Q: I’ve done something I swore I would never do. I’ve been a Christian a long time, and I knew better. But I did it, and then my relationship with Christ began to spiral downward. It’s hard to comprehend why I—the girl who wanted to give her all to Jesus— would do something like that. I have asked God for forgiveness, but the weight is still so heavy because I can’t forgive myself. How can I forgive myself for doing something I knew I shouldn’t have done and that has now caused me so much pain?

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Aw, sis—I know that ache so much! I am one of the “knew better” girls too. It’s hard to say exactly why we give into what we know is wrong, when we felt so passionately about holiness and giving our all to God. But sin is enticing, and manipulative, and we are humans with souls bent toward sin. Anyone who thinks they aren’t in danger of being tempted is in for a rude awakening! Even the “good girls.” Yes, we have God’s Spirit in us as believers (Romans 8:5, 1 Corinthians 6:19), and yes, there is always a way out of temptation (1 Corinthians 10:13), but there’s also a war going on inside of us between what we know we should (or shouldn’t) do and the sugary-sweet pull of sin (Romans 7:21-25).

So what do you do when—despite knowing better—you give in to sexual sin, or get drunk, or self-harm, or purge yet another meal, or any other number of ways we can blow it? You’re right about the first step: We have to ask God’s forgiveness and turn 180 degrees from our sin (1 John 1:9). I know that sometimes it feels like there’s no way God should or would forgive us for the stupid stuff we do, but that’s what makes Him God! (If you’re wondering if God can or will wipe your slate clean again, check out my post “Will God Really Forgive Me?”)

After we ask for and accept God’s genuine, no-hidden-agenda forgiveness, the second step is forgiving ourselves, and as you’ve already discovered, the latter can actually be the harder of the two.

Wouldn’t it be nice if all we had to do was stand in front of a mirror and say to our beautiful selves, “Self, I forgive you!” and all the shame and regret would magically disappear? But here in the real world, sometimes we need a drastic overhaul in our heart and mind before we can stand in front of the mirror and accept the person we see looking back at us.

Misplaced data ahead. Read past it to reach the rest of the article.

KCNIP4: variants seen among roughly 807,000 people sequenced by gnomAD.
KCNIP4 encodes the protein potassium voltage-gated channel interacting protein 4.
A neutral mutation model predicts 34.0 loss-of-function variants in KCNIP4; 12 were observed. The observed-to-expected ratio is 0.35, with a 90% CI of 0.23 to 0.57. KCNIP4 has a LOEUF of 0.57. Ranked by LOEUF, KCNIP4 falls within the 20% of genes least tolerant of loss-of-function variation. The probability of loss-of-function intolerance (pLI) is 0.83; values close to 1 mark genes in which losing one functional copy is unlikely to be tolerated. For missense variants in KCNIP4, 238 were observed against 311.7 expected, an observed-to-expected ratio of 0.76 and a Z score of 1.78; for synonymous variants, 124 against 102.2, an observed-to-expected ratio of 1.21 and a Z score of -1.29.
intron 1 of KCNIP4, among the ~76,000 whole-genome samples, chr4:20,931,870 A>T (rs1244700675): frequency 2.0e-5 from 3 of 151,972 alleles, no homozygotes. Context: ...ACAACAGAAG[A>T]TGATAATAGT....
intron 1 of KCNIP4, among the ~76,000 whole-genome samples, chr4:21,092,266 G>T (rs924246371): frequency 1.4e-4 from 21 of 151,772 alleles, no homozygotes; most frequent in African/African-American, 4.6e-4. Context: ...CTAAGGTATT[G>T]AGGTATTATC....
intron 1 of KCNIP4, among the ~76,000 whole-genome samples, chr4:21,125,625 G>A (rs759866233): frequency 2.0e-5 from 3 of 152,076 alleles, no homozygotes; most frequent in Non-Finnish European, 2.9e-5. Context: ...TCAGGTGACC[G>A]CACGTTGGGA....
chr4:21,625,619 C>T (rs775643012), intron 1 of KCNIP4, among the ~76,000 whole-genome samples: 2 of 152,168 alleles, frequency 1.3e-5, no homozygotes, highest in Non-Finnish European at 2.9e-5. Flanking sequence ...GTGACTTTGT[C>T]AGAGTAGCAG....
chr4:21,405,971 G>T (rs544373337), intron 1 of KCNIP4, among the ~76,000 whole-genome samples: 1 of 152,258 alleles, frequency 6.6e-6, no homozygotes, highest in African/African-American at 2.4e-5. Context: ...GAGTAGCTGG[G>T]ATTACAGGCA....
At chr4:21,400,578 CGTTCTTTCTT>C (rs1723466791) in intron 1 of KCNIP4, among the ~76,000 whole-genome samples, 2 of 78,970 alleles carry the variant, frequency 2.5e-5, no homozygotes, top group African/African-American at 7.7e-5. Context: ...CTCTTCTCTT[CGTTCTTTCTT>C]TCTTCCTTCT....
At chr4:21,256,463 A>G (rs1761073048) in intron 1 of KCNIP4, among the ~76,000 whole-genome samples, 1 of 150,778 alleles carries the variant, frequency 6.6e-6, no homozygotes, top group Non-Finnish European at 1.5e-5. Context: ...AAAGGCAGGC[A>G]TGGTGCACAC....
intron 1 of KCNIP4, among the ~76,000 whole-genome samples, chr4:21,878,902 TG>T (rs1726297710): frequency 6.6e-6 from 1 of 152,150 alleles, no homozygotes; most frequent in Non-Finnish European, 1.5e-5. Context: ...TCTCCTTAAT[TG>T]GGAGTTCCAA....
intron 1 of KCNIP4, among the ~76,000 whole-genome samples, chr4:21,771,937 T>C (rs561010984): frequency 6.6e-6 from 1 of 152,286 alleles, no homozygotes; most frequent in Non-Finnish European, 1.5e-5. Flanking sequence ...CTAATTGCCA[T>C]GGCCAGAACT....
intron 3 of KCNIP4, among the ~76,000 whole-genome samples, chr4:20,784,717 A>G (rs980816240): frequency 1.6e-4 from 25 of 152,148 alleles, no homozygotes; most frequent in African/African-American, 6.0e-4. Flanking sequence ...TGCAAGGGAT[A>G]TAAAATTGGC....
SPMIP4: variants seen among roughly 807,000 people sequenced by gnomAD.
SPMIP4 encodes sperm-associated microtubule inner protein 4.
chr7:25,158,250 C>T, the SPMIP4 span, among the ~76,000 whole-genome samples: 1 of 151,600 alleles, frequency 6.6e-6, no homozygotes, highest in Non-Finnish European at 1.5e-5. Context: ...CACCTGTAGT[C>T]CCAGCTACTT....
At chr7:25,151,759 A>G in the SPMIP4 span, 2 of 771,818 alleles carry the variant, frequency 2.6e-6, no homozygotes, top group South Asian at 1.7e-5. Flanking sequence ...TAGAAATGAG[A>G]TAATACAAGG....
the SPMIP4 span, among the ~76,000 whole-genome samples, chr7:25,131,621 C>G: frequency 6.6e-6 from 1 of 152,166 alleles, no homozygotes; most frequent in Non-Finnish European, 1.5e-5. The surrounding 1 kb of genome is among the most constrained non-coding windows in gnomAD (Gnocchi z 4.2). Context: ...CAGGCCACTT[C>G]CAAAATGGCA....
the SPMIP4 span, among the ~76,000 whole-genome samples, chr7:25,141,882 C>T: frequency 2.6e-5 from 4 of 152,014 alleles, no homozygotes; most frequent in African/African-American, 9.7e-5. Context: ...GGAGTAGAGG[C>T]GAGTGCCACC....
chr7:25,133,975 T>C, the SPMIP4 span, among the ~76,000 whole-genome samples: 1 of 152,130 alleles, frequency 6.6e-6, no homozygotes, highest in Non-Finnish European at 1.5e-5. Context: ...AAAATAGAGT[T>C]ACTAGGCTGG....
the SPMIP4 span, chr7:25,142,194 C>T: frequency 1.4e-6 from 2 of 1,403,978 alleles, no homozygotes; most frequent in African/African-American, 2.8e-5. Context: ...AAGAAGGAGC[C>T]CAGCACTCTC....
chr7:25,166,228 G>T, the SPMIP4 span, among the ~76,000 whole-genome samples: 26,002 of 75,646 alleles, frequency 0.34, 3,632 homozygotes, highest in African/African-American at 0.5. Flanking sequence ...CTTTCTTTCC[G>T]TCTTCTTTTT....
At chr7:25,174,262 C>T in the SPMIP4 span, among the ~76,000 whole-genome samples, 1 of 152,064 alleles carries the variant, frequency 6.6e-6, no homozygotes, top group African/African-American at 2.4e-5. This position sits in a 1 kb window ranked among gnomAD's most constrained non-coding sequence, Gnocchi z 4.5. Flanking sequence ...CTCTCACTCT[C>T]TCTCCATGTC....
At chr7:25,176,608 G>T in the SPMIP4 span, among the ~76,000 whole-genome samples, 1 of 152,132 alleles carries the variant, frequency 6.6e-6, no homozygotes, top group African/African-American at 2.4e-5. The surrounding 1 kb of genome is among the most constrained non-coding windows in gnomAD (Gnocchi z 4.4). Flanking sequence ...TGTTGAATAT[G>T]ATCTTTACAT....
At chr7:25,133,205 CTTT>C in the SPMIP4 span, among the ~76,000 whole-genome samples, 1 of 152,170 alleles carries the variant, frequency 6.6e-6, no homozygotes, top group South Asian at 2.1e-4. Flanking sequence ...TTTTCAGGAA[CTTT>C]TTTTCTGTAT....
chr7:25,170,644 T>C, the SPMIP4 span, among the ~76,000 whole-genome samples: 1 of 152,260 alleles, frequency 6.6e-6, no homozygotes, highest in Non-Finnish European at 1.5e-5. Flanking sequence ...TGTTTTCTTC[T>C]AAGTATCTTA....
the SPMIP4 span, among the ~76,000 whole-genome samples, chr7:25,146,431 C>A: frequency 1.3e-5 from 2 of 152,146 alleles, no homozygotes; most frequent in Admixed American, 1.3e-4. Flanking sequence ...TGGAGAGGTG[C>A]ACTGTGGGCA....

Here’s the secret: Forgiving ourselves is much less about our own strength in forgiving, and so much more about our faith in God’s strength in forgiving. If you have the Holy Spirit living inside you, you are a beautiful temple of the Living God, and He within you can bring about the power of “self” forgiveness. If you have faith in His power and His forgiveness, then rest in that faith and let His forgiveness sustain you in those moments when the sins of the past haunt and distress you. Don’t look in a mirror uttering, “I forgive myself;” rather, look to the Father in faith, and trust that His forgiveness covers you. I mean, c’mon now—what’s more valuable and lasting? Me saying “I forgive you” to myself, or the God of the universe saying, “I forgive you, my beloved daughter” to me?

My husband is going to take our youngest daughter backpacking for the first time this summer. They’ll need a tent, food, clothing, sleeping bags, and a bunch of other stuff. I know he’ll make her feel like she’s carrying her share of the load in her cute little junior backpack, but the truth is, he’ll carry most everything they’ll need to survive. Forgiving yourself is kind of like that, isn’t it? God has done all the heavy lifting—sending His own Son to die in atonement for our sins! It would be downright silly and petty for us to refuse to take on the small responsibility of accepting His forgiveness when He’s sacrificed so much to offer it.

I love Paul’s words in Galatians 2:20:

My old self has been crucified with Christ. It is no longer I who live, but Christ lives in me. So I live in this earthly body by trusting in the Son of God, who loved me and gave himself for me.

You know, when I think about the sins in my life that were most difficult to forgive myself for, I see a scary truth. The root of my unforgiving attitude toward myself was actually pride. I had such a high opinion of myself that I thought something like: I of all people shouldn’t have fallen to sin. As if I’m somehow better than all the other billions of people who have lived throughout history! But the Bible tells me that we have all sinned and fallen short of God’s standard and make many mistakes (Romans 3:23, James 3:2). It’s only when I take an attitude of humility—recognizing that I’m no better, stronger, or more able to resist temptation than the rest of my fellow Christians—that I can fall on my face before Jesus and accept His forgiveness down to my core.

Forgiving ourselves is really just believing that God’s forgiveness is enough. We might always kick ourselves a little, wishing that we had made better choices, but we can’t let ourselves wallow in self-pity because that just dishonors the very sacrifice Jesus made for us. Instead of thinking, I’m such an idiot for what I did, practice thinking thoughts like, I am whole and forgiven, and God’s grace covers me. Then let that sorrow you feel over your sin fire you up to make things right and stand even stronger next time (2 Corinthians 7:10-11).

Love,

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